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The Journey of Learning to Have Compassion for Yourself and Others

Written by Kayla Reetz, Yoga Instructor + Trauma Supports Team Member



"If your compassion does not include yourself, it is incomplete." - Jack Kornfield

Compassion. What is it?


According to the Oxford American Dictionary, compassion is “sympathetic pity and concern for sufferings and misfortunes of others.”


Wow. I don’t know about you, but when I read the word “pity,” I had a negative gut reaction.


Never have I looked at compassion as a form of pity.


Maybe this is a Midwestern cultural thing, but in my experiences with pity, it has always been a form of shame or guilt- both of which have negative connotations.


So, it makes compassion look a little negative too.


Because this didn’t satisfy what I knew about compassion, I read on.


Further down on the google search was the suggested question “What is the true definition of compassion?”


According to the Miriam-Webster Dictionary, compassion is a “sympathetic consciousness of others’ distress together with a desire to alleviate it”.


Ah! That felt more like the compassion I knew. Phew! I was concerned there for a second.




But what does this look like in real life? It is so easy for us to sit 🎶in our own little corner in our own little chair (or mat, rather) 🎶 and contemplate compassion and its use, but what about when it punches us in the gut on the go?


This is what happened to me recently and has sent me into a tailspin ever since…and to make matters worse, it was with family.


It’s been my experience that the people I love most have the ability to cut me the deepest.


Therefore, my gut reaction is to react defensively.


Brené Brown’s work has taught me this reaction usually stems from fear or anger. And I think she’s right.


I need to process through the emotions and it isn’t pretty.


It is not a reflection of who I actually want to be and what I want to teach the young people around me.


Those are the moments where practicing compassion is the hardest and the best teachable moments if one can do it successfully.




At Challenge to Change, we couple this with our work around KCG: Know, Choose, Give. You see, the “know” part of KCG is knowing how you truly feel- deeper than the surface level. Here’s what I mean:


Surface level = I am angry.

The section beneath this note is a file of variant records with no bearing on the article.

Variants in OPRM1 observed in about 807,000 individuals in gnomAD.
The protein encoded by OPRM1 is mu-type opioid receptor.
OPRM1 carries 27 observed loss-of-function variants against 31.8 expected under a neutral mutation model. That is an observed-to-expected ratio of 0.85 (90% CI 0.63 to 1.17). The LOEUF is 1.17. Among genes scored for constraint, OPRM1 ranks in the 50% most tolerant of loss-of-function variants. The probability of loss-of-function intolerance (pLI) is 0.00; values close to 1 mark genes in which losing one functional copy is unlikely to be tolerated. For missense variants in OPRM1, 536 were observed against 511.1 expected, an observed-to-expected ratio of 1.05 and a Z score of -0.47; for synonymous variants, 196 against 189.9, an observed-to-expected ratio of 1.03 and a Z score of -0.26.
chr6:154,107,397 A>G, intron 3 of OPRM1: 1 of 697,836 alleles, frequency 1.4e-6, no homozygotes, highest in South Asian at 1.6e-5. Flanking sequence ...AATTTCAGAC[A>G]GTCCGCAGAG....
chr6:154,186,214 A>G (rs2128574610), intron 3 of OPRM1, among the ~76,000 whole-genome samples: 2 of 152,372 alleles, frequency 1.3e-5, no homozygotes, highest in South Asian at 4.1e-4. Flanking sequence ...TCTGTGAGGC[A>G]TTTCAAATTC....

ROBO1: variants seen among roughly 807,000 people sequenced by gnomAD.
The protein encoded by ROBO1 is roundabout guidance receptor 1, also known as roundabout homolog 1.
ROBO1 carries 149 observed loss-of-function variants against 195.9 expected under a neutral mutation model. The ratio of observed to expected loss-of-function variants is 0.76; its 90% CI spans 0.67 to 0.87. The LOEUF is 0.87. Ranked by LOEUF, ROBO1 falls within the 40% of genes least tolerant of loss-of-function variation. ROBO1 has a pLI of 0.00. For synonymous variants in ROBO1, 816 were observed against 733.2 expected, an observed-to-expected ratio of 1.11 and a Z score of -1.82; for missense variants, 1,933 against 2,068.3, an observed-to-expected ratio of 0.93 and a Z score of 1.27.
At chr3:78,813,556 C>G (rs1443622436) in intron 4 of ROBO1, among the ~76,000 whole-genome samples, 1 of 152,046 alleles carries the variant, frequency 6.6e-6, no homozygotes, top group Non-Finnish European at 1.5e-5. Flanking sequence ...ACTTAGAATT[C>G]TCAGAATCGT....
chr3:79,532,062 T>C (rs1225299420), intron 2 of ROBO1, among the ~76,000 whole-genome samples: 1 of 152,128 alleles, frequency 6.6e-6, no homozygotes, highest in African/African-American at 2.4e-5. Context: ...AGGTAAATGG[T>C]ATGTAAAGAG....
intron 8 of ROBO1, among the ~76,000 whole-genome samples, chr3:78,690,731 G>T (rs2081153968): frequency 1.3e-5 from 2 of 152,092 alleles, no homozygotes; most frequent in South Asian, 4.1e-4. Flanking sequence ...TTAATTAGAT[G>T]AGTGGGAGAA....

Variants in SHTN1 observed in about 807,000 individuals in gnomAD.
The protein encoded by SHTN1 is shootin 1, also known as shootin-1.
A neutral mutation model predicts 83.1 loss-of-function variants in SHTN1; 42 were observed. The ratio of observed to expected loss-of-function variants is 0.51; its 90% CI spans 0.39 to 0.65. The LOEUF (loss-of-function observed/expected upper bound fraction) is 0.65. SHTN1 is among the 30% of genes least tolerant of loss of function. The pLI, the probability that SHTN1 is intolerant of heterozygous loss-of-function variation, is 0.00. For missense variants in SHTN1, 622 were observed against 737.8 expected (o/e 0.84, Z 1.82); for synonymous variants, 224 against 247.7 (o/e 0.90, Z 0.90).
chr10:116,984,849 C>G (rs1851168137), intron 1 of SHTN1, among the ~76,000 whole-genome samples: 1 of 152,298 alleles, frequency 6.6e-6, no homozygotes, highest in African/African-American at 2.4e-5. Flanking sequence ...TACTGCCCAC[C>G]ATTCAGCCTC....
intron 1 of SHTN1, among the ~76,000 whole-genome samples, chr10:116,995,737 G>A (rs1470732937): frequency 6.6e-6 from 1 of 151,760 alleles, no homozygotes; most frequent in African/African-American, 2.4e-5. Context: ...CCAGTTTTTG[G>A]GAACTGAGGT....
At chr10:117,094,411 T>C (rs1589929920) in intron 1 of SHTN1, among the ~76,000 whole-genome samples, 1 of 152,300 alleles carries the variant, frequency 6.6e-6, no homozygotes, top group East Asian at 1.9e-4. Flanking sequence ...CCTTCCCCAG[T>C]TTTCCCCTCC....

Deeper level= I am afraid I am not loved and appreciated for who I am and only for what I have to offer. I am afraid I will lose a relationship dear to me.


How can I work on the “know” part?


Well, I have to practice the PAUSE.


I have to stop the onslaught of things I want to say in defense and take a breath.


In the heat of the moment, it might sound something like, “I need space to think about how I am feeling with this”.


There is even a mudra we teach kids in our Yoga in the Schools program called ‘I Need Some Space.’


And, after acquiring the space, we then have a few moments to dig deeper.


We can look at the situation from almost an outsider’s perspective and go through the possible options.


Therefore, we can “Choose”.




And finally, after thinking about what the best outcome could be, we “Give”- of ourself, for ourself, and for others.


We may even be able to address the underlying issue instead of what everyone saw on the surface.


No, this is not easy work. And especially in the beginning, it is going to take time to practice.


It will require patience and something that both me and my family struggle with sometimes: waiting.


But maybe when we “wait”, the “weight” of the moment can lift and we can make better choices.


I know this is something I will continually be working on which means if you choose to as well, you won’t be doing it alone.



~ Kayla Reetz



P.S. You can find that our entire library of meditations, yoga and fitness on our ONLINE WELLNESS PLATFORM, the C2C Hub. Get a free 2-week trial!



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